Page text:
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Faculty & Research


The Market That Never Was: Turf Wars And Failed Alliances In Mobile Payments

Journal Article
In this inductive multiple-case study set in the nascent market for mobile payments, the authors investigate how global firms from different industries attempt to define the architecture for a new market. They find that powerful players from different industries have difficulty in reaching agreement on the new market's architecture due to their history of dominance in their respective industries. This disagreement in turn leads to a weak compromise on market architecture and creates a vicious cycle of resource allocation deferment. The authors show that the nascent market is thus less likely to emerge despite country-level attempts at resolving these issues. Our findings contribute to resource dependence theory and to theories of market emergence, and lead to a deeper understanding of when and how markets fail to emerge.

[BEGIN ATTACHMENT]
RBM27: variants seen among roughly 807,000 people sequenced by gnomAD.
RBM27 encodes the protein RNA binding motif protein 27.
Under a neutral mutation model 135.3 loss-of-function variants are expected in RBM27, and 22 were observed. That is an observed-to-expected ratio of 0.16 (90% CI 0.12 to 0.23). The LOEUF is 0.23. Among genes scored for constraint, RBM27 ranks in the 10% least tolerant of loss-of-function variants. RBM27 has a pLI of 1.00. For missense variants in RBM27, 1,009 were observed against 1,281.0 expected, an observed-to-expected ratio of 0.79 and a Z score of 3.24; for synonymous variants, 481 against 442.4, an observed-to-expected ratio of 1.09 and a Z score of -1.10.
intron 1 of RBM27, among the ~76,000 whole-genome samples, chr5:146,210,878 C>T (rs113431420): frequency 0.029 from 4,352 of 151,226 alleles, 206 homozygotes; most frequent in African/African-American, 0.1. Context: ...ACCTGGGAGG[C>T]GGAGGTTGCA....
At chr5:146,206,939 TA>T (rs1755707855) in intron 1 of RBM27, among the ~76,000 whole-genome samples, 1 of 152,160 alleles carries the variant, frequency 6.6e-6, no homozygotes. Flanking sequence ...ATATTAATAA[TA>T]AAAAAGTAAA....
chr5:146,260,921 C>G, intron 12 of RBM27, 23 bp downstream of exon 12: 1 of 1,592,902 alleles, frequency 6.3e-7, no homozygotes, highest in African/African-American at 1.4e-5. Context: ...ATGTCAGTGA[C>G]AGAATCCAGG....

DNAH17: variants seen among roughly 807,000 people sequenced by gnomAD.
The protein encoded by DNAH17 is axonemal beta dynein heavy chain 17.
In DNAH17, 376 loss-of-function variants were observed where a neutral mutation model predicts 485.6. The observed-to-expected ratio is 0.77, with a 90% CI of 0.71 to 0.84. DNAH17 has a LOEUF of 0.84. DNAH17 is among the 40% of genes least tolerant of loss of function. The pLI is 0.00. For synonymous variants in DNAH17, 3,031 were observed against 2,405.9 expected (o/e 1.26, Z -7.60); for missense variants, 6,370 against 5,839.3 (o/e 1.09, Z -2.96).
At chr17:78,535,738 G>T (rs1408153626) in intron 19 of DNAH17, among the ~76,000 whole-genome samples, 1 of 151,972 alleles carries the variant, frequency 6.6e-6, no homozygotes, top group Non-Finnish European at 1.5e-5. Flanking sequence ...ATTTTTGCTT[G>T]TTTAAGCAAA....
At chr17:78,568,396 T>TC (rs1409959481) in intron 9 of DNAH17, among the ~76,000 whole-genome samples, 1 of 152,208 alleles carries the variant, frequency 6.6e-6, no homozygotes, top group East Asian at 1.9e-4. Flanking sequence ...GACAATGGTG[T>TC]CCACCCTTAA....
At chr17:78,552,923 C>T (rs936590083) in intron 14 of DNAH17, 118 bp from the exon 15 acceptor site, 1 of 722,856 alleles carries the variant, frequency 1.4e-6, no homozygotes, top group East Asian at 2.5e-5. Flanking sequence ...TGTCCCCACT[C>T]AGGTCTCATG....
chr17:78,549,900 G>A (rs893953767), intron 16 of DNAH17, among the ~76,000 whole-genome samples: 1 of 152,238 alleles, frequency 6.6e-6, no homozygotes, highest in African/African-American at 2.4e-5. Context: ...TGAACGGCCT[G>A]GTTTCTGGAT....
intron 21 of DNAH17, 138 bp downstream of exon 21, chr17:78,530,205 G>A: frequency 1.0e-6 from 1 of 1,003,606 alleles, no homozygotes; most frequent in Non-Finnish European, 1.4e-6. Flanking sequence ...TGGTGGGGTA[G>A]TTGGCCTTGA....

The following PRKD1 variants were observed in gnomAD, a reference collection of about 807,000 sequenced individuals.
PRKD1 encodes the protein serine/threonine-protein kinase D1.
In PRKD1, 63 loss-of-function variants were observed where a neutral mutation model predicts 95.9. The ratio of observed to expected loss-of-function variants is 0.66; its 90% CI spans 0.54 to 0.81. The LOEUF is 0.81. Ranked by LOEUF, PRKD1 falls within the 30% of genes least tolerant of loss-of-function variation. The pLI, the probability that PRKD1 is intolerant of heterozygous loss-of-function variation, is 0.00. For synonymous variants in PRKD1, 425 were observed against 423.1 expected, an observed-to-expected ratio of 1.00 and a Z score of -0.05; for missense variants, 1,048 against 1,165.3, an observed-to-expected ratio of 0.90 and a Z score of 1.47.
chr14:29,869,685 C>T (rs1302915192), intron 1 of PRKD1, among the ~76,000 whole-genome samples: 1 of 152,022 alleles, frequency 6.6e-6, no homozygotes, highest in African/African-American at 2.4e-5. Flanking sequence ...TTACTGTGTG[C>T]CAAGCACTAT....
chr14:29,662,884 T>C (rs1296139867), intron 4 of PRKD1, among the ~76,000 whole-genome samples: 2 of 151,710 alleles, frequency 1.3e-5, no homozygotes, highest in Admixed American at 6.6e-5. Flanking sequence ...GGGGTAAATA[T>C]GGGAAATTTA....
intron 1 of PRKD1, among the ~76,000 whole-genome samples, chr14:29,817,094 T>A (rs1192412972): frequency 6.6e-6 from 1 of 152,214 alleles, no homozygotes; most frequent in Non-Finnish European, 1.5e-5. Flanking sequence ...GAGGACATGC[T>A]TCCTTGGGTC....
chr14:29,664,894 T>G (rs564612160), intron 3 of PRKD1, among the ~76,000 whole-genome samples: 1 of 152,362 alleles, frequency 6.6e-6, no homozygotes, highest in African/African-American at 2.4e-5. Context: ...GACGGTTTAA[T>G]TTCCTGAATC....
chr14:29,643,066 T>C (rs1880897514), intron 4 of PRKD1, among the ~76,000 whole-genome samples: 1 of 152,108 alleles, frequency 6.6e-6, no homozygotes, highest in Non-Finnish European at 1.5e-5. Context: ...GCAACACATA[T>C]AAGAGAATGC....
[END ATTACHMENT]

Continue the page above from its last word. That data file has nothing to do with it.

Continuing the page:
Visiting Professor of Social Entrepreneurship at INSEAD